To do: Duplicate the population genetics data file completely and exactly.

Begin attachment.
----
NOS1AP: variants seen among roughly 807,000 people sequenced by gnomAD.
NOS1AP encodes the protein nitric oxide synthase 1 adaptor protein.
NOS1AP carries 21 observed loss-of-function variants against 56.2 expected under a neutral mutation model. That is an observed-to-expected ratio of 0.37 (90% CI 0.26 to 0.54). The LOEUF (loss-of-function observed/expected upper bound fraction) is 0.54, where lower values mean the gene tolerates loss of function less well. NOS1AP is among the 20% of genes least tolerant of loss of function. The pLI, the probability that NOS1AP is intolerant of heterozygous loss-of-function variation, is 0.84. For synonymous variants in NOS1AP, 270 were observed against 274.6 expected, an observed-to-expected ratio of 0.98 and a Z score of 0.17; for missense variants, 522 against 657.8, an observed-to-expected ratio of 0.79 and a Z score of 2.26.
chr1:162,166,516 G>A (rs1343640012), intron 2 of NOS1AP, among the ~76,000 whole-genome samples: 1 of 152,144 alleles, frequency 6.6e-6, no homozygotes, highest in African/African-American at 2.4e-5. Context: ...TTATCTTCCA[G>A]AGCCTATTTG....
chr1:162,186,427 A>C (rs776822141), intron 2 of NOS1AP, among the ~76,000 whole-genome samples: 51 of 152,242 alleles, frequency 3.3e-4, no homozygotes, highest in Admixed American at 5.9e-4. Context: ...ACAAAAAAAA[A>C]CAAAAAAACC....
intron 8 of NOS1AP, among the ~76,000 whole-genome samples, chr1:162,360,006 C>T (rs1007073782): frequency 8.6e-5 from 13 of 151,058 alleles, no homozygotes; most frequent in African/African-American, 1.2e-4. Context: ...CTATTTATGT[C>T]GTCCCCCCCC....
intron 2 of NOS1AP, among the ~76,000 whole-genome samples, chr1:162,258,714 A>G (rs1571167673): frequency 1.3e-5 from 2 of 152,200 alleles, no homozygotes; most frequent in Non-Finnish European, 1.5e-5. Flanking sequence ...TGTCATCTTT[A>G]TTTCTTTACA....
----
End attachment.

NOS1AP: variants seen among roughly 807,000 people sequenced by gnomAD.
NOS1AP encodes the protein nitric oxide synthase 1 adaptor protein.
NOS1AP carries 21 observed loss-of-function variants against 56.2 expected under a neutral mutation model. That is an observed-to-expected ratio of 0.37 (90% CI 0.26 to 0.54). The LOEUF (loss-of-function observed/expected upper bound fraction) is 0.54, where lower values mean the gene tolerates loss of function less well. NOS1AP is among the 20% of genes least tolerant of loss of function. The pLI, the probability that NOS1AP is intolerant of heterozygous loss-of-function variation, is 0.84. For synonymous variants in NOS1AP, 270 were observed against 274.6 expected, an observed-to-expected ratio of 0.98 and a Z score of 0.17; for missense variants, 522 against 657.8, an observed-to-expected ratio of 0.79 and a Z score of 2.26.
chr1:162,166,516 G>A (rs1343640012), intron 2 of NOS1AP, among the ~76,000 whole-genome samples: 1 of 152,144 alleles, frequency 6.6e-6, no homozygotes, highest in African/African-American at 2.4e-5. Context: ...TTATCTTCCA[G>A]AGCCTATTTG....
chr1:162,186,427 A>C (rs776822141), intron 2 of NOS1AP, among the ~76,000 whole-genome samples: 51 of 152,242 alleles, frequency 3.3e-4, no homozygotes, highest in Admixed American at 5.9e-4. Context: ...ACAAAAAAAA[A>C]CAAAAAAACC....
intron 8 of NOS1AP, among the ~76,000 whole-genome samples, chr1:162,360,006 C>T (rs1007073782): frequency 8.6e-5 from 13 of 151,058 alleles, no homozygotes; most frequent in African/African-American, 1.2e-4. Context: ...CTATTTATGT[C>T]GTCCCCCCCC....
intron 2 of NOS1AP, among the ~76,000 whole-genome samples, chr1:162,258,714 A>G (rs1571167673): frequency 1.3e-5 from 2 of 152,200 alleles, no homozygotes; most frequent in Non-Finnish European, 1.5e-5. Flanking sequence ...TGTCATCTTT[A>G]TTTCTTTACA....